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Find information on animal health topics, written for the veterinary professional.

* This is the Veterinary Version. *

Travel by Car

By Charles M. Hendrix, DVM, PhD, Professor, Department of Pathobiology, College of Veterinary Medicine, Auburn University

Before taking a long trip by car, it is helpful if you can take your pet for short rides in its carrier so that it becomes accustomed to being confined. Some pets have only been in their carriers during trips to the veterinarian, so they associate the carrier and car ride with an unpleasant experience. Enjoyable destinations such as a dog park can help your pet feel better about trips in the car.

Small animals should be kept within a travel carrier while riding in the car. This is the safest method not only for your pet, but also for other car passengers and even other drivers on the road. Within a carrier, your pet is more protected from sudden car movements. In addition, an excited animal can jump out of a car window or distract (or even impede) the driver. Dogs that are too large to ride in a carrier should be kept in the back seat, ideally with an appropriate restraining harness. This minimizes their chances of interfering with the driver; in addition, it protects them from injury during an accident.

Before traveling with a horse, practice entering and exiting the trailer.

As much as they enjoy it, dogs should not be allowed to put their heads out of car windows. In addition to the risk of jumping out, they may suffer injury from flying debris or from their ears being flapped around. Similarly, a dog in the back of a pickup should be in a carrier.

A car can heat to dangerous levels in a very short time, even when the weather seems mild. Animals should not be left in a parked car if outside temperatures are above 72°F or below 55°F.

Animals (like their owners) should take frequent breaks while traveling by car. Stop about every 2 hours for a water and “potty” break. Be sure to keep your animal on a leash when leaving the car for such breaks. Feed your pet on its regular schedule if possible. Dry food is most convenient if the animal will take it; if moist food is needed, refrigerate or discard any leftovers.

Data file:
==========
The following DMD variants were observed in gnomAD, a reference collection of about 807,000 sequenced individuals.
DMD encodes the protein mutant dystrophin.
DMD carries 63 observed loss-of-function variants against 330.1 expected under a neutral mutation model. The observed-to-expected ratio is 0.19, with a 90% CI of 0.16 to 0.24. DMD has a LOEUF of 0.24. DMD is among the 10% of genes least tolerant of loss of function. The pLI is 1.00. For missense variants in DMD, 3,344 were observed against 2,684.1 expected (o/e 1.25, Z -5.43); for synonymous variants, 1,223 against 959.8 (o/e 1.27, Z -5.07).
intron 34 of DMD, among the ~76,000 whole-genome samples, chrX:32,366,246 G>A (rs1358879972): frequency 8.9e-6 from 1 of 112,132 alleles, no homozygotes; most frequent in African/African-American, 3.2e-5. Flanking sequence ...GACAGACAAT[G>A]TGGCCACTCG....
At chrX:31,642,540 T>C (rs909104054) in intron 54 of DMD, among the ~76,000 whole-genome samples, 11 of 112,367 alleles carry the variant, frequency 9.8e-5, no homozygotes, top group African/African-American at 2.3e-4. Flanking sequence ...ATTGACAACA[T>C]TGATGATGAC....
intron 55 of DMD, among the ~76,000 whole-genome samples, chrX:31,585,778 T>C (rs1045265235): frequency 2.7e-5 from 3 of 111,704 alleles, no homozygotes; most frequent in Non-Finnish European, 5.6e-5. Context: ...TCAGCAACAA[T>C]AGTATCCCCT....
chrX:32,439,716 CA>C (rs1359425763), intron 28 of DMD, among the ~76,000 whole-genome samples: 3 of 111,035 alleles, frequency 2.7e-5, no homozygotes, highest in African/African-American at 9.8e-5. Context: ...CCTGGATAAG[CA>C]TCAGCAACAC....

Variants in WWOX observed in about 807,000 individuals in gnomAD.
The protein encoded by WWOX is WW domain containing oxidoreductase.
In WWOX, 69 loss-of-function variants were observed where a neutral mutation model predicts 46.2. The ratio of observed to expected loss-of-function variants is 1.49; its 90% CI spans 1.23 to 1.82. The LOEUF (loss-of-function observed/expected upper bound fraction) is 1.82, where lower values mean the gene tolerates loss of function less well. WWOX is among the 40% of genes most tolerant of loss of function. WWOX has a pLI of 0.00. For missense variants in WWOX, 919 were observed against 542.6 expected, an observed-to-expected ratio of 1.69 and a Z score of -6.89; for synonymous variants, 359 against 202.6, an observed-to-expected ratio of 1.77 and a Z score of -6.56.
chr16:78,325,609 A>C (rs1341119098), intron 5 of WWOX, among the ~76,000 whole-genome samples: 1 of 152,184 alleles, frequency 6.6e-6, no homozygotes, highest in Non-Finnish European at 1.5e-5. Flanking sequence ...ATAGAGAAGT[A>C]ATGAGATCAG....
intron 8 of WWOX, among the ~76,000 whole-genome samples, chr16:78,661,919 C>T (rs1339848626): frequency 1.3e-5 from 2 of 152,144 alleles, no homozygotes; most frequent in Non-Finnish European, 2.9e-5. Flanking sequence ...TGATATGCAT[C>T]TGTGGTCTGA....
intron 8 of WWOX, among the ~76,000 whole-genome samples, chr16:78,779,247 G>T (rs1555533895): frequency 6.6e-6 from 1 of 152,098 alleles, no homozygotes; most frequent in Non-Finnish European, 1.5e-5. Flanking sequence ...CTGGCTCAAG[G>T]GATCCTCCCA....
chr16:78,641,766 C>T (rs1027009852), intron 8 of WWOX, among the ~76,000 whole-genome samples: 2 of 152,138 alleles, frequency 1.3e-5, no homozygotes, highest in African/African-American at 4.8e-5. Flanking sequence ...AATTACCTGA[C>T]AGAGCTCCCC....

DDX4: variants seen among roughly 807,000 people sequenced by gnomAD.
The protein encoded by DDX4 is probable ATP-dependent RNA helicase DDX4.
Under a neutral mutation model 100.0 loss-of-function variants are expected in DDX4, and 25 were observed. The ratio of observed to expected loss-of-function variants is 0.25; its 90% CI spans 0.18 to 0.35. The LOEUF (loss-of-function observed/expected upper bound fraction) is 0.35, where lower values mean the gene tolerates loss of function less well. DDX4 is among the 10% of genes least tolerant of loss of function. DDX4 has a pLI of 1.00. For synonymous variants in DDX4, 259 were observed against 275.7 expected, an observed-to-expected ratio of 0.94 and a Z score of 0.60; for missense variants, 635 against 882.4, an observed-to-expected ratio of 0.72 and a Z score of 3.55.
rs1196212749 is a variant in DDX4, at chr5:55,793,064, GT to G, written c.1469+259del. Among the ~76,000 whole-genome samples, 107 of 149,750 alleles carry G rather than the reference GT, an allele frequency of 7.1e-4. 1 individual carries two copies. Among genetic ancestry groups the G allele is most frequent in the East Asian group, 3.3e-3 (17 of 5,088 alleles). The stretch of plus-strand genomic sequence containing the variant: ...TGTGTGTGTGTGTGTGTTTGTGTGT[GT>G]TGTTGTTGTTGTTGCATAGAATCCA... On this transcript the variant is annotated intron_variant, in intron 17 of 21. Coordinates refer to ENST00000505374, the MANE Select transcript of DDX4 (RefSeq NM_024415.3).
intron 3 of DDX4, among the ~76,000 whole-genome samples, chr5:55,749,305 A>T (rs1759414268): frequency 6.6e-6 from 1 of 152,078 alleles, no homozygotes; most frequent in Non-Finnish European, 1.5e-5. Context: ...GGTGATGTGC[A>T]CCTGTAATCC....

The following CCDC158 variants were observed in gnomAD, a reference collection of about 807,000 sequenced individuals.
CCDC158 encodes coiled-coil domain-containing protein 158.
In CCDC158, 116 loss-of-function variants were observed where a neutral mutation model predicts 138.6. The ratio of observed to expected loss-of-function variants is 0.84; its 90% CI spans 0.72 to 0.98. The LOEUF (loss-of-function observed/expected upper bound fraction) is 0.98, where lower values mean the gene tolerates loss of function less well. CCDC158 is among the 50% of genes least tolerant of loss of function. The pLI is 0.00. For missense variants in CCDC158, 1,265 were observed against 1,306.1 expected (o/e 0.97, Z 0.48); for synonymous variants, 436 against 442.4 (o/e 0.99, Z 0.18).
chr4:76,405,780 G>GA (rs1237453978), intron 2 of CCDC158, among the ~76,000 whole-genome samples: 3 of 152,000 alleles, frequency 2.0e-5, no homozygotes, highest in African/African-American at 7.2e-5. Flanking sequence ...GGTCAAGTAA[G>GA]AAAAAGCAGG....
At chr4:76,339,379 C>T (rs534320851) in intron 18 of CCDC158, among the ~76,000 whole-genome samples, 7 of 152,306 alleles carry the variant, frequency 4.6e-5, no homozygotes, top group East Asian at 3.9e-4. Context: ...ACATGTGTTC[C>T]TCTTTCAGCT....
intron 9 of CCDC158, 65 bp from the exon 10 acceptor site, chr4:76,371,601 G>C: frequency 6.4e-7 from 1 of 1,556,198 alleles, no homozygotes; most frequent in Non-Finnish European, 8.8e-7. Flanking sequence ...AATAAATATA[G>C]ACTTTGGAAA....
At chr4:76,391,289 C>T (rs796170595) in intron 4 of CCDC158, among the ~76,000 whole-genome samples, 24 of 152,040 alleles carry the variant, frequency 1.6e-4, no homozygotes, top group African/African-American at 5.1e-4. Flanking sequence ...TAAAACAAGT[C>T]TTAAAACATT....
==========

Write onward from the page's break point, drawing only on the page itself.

Speak to your veterinarian if you know that your dog or cat does not travel well by car. For some animals, a small meal about 30 minutes before the trip will alleviate carsickness. If this does not work, your veterinarian may be able to recommend an appropriate prescription or over-the-counter medication to help with nausea. Prescription tranquilizers are available as a last resort for animals that must travel by car but have difficulty doing so.

There are 2 general methods for transporting horses on the road. One is to tow the animal yourself; the other is to hire a horse transport company. Horse trailers can be rented; however, if you have not driven one before, you should practice with it before the trip. If your horse is not accustomed to trailering, you will need to spend time getting it used to entering and exiting the trailer. As with other pets, overnight accommodations should be thought out in advance. Some hotels and motels may allow a horse trailer to be parked overnight, or overnight boarding may be available along the route. Web sites dedicated to the traveler with horses are a good source for information about accommodations along the way.

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* This is the Veterinary Version. *